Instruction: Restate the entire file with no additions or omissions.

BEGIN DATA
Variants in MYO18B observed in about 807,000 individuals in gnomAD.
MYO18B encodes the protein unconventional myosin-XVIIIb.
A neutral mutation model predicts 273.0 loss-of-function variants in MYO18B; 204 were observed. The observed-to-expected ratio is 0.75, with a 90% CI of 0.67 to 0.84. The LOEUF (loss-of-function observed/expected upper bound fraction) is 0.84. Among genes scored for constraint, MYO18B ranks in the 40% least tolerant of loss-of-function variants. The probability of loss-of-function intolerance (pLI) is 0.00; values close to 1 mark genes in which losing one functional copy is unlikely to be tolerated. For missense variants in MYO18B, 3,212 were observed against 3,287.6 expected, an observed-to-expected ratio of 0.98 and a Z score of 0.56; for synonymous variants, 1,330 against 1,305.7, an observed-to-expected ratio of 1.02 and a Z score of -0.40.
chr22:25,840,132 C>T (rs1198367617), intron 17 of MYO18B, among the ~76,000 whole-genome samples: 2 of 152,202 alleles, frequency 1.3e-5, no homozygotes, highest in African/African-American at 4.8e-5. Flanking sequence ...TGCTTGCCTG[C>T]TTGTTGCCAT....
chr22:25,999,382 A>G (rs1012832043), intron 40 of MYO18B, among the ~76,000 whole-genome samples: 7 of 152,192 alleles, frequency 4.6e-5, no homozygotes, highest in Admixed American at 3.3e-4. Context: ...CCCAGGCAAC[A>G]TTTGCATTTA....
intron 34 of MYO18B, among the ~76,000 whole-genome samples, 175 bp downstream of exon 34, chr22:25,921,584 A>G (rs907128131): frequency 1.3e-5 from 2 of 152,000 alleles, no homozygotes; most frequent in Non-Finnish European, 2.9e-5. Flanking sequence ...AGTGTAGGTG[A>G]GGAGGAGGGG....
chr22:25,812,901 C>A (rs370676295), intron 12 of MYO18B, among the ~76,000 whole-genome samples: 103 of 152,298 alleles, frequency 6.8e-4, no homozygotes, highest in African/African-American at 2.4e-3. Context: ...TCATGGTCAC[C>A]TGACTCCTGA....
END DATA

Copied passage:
Variants in MYO18B observed in about 807,000 individuals in gnomAD.
MYO18B encodes the protein unconventional myosin-XVIIIb.
A neutral mutation model predicts 273.0 loss-of-function variants in MYO18B; 204 were observed. The observed-to-expected ratio is 0.75, with a 90% CI of 0.67 to 0.84. The LOEUF (loss-of-function observed/expected upper bound fraction) is 0.84. Among genes scored for constraint, MYO18B ranks in the 40% least tolerant of loss-of-function variants. The probability of loss-of-function intolerance (pLI) is 0.00; values close to 1 mark genes in which losing one functional copy is unlikely to be tolerated. For missense variants in MYO18B, 3,212 were observed against 3,287.6 expected, an observed-to-expected ratio of 0.98 and a Z score of 0.56; for synonymous variants, 1,330 against 1,305.7, an observed-to-expected ratio of 1.02 and a Z score of -0.40.
chr22:25,840,132 C>T (rs1198367617), intron 17 of MYO18B, among the ~76,000 whole-genome samples: 2 of 152,202 alleles, frequency 1.3e-5, no homozygotes, highest in African/African-American at 4.8e-5. Flanking sequence ...TGCTTGCCTG[C>T]TTGTTGCCAT....
chr22:25,999,382 A>G (rs1012832043), intron 40 of MYO18B, among the ~76,000 whole-genome samples: 7 of 152,192 alleles, frequency 4.6e-5, no homozygotes, highest in Admixed American at 3.3e-4. Context: ...CCCAGGCAAC[A>G]TTTGCATTTA....
intron 34 of MYO18B, among the ~76,000 whole-genome samples, 175 bp downstream of exon 34, chr22:25,921,584 A>G (rs907128131): frequency 1.3e-5 from 2 of 152,000 alleles, no homozygotes; most frequent in Non-Finnish European, 2.9e-5. Flanking sequence ...AGTGTAGGTG[A>G]GGAGGAGGGG....
chr22:25,812,901 C>A (rs370676295), intron 12 of MYO18B, among the ~76,000 whole-genome samples: 103 of 152,298 alleles, frequency 6.8e-4, no homozygotes, highest in African/African-American at 2.4e-3. Context: ...TCATGGTCAC[C>A]TGACTCCTGA....